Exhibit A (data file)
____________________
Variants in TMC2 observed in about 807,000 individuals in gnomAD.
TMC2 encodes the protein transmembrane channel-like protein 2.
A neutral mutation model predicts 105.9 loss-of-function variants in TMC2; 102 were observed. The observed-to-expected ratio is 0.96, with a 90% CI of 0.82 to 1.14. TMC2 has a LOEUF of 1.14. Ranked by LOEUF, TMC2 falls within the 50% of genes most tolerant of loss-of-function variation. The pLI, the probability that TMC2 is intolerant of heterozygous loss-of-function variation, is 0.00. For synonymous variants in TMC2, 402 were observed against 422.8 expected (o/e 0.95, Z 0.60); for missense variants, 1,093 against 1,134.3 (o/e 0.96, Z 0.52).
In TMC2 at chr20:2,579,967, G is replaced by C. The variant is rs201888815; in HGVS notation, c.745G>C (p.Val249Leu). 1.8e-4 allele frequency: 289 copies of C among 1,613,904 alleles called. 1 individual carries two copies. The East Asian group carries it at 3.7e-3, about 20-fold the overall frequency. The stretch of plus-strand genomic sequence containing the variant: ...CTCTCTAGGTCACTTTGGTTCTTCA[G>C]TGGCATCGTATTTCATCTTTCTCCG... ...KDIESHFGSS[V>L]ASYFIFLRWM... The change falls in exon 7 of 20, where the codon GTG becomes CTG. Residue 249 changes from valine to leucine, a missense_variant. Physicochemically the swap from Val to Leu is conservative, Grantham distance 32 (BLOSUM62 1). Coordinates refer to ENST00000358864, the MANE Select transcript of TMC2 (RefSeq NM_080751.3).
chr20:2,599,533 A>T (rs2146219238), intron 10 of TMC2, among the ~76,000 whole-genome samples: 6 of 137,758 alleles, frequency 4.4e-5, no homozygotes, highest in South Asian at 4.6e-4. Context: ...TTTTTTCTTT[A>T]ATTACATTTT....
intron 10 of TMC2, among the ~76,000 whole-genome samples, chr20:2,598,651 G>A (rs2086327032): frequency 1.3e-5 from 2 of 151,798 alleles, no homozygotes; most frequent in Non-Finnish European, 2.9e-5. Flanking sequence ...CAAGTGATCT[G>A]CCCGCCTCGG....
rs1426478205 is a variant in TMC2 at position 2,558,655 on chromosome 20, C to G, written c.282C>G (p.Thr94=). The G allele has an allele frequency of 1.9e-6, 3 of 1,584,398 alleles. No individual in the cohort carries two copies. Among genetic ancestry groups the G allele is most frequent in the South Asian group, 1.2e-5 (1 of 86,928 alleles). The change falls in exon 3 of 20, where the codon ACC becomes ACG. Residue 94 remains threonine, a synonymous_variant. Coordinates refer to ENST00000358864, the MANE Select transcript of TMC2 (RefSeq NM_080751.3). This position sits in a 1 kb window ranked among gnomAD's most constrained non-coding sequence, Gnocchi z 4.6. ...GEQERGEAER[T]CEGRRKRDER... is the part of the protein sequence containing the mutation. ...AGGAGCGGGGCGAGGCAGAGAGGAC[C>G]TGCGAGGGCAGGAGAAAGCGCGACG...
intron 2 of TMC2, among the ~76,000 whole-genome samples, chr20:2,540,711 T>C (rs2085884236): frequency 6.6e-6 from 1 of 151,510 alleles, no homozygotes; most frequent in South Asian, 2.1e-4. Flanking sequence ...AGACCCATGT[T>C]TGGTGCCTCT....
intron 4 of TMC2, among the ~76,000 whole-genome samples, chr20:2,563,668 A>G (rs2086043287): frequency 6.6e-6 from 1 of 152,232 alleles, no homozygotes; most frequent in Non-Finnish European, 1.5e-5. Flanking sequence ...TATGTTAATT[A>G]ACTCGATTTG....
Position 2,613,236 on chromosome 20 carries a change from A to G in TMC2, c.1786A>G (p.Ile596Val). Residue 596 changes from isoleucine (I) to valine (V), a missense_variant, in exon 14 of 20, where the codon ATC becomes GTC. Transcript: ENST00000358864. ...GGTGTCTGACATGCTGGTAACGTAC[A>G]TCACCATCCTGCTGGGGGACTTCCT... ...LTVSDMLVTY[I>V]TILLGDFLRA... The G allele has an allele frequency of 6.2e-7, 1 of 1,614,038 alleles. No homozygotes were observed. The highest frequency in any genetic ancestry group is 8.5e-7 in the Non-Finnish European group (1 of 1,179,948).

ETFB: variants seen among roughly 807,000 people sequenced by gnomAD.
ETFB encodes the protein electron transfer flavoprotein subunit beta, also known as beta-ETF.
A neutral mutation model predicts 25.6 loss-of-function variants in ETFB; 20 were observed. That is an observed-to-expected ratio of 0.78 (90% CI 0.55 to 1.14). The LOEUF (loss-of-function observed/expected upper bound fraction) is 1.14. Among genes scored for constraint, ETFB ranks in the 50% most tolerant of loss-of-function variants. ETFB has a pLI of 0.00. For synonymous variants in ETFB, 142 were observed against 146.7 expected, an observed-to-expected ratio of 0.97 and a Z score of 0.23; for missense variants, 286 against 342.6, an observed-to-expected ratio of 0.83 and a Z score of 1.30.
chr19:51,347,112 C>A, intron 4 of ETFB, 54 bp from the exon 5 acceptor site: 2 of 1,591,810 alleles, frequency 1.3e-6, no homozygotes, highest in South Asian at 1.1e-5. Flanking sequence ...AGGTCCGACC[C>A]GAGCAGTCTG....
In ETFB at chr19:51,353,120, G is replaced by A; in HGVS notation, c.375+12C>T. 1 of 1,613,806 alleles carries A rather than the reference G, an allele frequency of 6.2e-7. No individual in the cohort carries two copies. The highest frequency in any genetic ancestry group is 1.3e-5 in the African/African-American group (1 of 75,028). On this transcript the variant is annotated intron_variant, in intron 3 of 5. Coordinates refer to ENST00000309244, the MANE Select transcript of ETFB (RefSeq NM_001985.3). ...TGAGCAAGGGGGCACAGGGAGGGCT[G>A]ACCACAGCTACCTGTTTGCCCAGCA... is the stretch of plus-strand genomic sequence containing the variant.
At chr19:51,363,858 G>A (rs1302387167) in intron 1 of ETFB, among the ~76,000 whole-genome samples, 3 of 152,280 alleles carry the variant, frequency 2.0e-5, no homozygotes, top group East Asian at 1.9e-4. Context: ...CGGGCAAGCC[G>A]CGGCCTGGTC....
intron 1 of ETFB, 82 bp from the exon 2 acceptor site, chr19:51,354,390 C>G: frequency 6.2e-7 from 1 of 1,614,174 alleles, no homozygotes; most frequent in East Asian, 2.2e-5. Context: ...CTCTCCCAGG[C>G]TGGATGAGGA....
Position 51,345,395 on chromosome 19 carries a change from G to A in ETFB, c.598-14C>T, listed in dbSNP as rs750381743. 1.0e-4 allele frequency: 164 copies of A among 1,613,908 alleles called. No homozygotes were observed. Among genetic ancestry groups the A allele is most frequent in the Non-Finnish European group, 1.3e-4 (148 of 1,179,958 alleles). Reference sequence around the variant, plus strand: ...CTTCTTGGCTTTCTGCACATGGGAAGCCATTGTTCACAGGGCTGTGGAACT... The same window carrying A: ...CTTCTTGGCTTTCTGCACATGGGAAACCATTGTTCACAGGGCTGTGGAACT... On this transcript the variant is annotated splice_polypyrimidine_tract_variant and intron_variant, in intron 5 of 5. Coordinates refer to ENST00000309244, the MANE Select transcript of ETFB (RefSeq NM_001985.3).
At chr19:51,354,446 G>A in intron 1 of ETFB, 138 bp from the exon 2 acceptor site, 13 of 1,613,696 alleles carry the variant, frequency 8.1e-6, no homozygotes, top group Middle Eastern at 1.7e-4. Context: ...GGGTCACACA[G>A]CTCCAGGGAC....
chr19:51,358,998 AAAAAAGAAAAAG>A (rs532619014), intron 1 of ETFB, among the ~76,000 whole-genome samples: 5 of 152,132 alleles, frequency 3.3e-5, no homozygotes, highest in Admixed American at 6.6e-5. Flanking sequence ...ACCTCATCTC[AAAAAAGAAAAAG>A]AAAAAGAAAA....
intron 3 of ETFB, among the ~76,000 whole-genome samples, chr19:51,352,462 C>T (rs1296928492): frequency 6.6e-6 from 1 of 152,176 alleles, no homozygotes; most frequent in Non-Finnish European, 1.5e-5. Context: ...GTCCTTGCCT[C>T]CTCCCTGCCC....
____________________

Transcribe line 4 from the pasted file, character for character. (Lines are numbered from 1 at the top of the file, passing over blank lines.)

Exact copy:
In TMC2 at chr20:2,579,967, G is replaced by C. The variant is rs201888815; in HGVS notation, c.745G>C (p.Val249Leu). 1.8e-4 allele frequency: 289 copies of C among 1,613,904 alleles called. 1 individual carries two copies. The East Asian group carries it at 3.7e-3, about 20-fold the overall frequency. The stretch of plus-strand genomic sequence containing the variant: ...CTCTCTAGGTCACTTTGGTTCTTCA[G>C]TGGCATCGTATTTCATCTTTCTCCG... ...KDIESHFGSS[V>L]ASYFIFLRWM... The change falls in exon 7 of 20, where the codon GTG becomes CTG. Residue 249 changes from valine to leucine, a missense_variant. Physicochemically the swap from Val to Leu is conservative, Grantham distance 32 (BLOSUM62 1). Coordinates refer to ENST00000358864, the MANE Select transcript of TMC2 (RefSeq NM_080751.3).